Abstract: This paper examines the extent to which a new nationally representative household panel survey could bring children and adolescents to the forefront of its design. We begin by discussing how major demographic shifts, such as reduced social mobility and transformations in family structure, may affect children and adolescent development through individual, family, and sociocultural processes. We then review the existing household surveys in the United States and highlight the strengths and weaknesses for studying how major societal trends and changes affect child and adolescent development. We then debate several different design approaches for a new study and recommend either a…longitudinal panel design, which includes all children in the panel survey, or a sequential cohort design, that includes a subsample of children and embedded birth cohort study. We highlight that a large, nationally representative dataset cannot replace standalone, more in-depth developmental studies of children and adolescents with high-fidelity measurement of processes. Instead, we argue that a new panel survey could take a more targeted approach and measure the major constructs of children's development as well as select family and sociocultural processes by drawing on recent advances in survey measurement techniques. We conclude by affirming that new household survey has the potential to contribute greatly to our understanding of the developmental origins of life long wellbeing as well as the effects of major demographic shifts in the 21st century on child and adolescent development.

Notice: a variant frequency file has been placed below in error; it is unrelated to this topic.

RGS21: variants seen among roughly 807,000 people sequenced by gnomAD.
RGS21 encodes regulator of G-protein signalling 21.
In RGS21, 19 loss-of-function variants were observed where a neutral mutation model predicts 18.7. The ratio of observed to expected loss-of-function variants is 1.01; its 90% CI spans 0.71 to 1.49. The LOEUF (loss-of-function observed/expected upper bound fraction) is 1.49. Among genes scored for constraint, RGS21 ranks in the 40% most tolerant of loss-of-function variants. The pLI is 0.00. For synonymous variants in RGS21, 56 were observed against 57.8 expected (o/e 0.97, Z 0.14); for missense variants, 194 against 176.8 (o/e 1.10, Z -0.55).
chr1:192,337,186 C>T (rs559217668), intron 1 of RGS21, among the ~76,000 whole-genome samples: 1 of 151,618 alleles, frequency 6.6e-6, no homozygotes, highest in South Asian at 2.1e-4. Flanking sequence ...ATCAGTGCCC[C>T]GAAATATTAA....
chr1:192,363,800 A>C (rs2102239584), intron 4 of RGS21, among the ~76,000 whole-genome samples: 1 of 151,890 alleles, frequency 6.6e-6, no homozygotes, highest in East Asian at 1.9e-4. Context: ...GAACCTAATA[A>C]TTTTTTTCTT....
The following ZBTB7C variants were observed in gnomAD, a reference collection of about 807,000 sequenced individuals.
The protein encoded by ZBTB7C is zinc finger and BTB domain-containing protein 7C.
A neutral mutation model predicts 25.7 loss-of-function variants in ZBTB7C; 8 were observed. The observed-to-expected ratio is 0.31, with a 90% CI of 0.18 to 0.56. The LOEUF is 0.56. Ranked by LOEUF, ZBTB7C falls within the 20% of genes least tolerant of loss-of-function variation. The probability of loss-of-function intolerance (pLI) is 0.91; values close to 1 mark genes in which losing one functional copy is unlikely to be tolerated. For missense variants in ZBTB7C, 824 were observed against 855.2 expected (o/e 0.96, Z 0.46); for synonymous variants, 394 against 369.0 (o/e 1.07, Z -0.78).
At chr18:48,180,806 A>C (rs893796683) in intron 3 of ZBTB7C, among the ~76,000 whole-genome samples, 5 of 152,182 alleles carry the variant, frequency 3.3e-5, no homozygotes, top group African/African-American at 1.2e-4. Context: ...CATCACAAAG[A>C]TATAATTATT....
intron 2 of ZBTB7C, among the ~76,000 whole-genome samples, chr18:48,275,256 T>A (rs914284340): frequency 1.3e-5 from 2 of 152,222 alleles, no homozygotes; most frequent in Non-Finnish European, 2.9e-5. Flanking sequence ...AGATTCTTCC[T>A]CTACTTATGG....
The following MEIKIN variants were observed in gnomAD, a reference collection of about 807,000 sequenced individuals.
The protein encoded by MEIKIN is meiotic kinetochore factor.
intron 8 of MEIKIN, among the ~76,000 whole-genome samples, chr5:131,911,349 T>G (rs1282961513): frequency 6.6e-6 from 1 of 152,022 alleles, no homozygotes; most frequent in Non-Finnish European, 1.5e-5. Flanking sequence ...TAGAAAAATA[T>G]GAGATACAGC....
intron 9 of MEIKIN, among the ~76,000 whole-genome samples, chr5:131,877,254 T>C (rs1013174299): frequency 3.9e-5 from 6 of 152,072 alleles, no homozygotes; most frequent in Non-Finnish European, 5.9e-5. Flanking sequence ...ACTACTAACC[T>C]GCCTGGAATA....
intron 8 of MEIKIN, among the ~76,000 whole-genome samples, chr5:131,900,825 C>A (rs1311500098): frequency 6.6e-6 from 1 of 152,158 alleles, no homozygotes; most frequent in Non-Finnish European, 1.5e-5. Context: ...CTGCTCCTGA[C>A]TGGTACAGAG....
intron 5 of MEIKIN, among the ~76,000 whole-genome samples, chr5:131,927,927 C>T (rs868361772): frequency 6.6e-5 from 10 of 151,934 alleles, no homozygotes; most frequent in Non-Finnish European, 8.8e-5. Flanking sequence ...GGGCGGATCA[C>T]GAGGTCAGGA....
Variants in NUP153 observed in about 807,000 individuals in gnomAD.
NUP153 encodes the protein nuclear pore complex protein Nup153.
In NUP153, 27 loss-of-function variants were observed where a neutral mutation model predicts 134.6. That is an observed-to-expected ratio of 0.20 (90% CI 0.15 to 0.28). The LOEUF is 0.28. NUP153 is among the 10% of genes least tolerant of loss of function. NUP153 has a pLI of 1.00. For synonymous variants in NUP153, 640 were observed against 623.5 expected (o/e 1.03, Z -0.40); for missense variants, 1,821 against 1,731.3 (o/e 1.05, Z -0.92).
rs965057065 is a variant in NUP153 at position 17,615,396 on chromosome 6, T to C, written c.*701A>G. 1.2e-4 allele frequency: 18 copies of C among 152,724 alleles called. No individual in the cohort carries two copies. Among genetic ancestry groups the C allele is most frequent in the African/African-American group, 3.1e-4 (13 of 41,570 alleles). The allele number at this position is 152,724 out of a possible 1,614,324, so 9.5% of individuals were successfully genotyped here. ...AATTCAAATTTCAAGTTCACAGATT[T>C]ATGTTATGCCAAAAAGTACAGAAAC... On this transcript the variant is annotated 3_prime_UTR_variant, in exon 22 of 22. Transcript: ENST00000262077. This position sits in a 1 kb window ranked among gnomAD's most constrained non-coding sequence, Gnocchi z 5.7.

Keywords: Child and adolescent development, measurement, household surveys, birth cohort and longitudinal studies
Abstract: I argue that the United States needs new survey data on intergenerational relationships in light of the dramatic demographic changes in parent-child and couple relationships that were not anticipated when many major family datasets were designed. Increases in nonmarital childbearing, the instability of parents' relationships and high rates of repartnering challenge conventional approaches to data collection on families. Large race-ethnic and socioeconomic differences in the extent of these changes and their impact on intergenerational support may contribute to growing inequality. A new study must collect data on both household relationships and relationships among family members who live apart because most…U.S. parents and adult offspring do not co-reside. The survey should obtain information on the timing of family transitions and include multiple cohorts to take account of differences in societal conditions that influence family experiences. A longitudinal design would show how parent-child relationships unfold over time and build on past histories. The paper identifies the dimensions of intergenerational ties that should be measured and explains why existing data cannot address the need for a new study.
Keywords: Family support, inequality, intergenerational relationships, kin networks, life course, safety net, transfers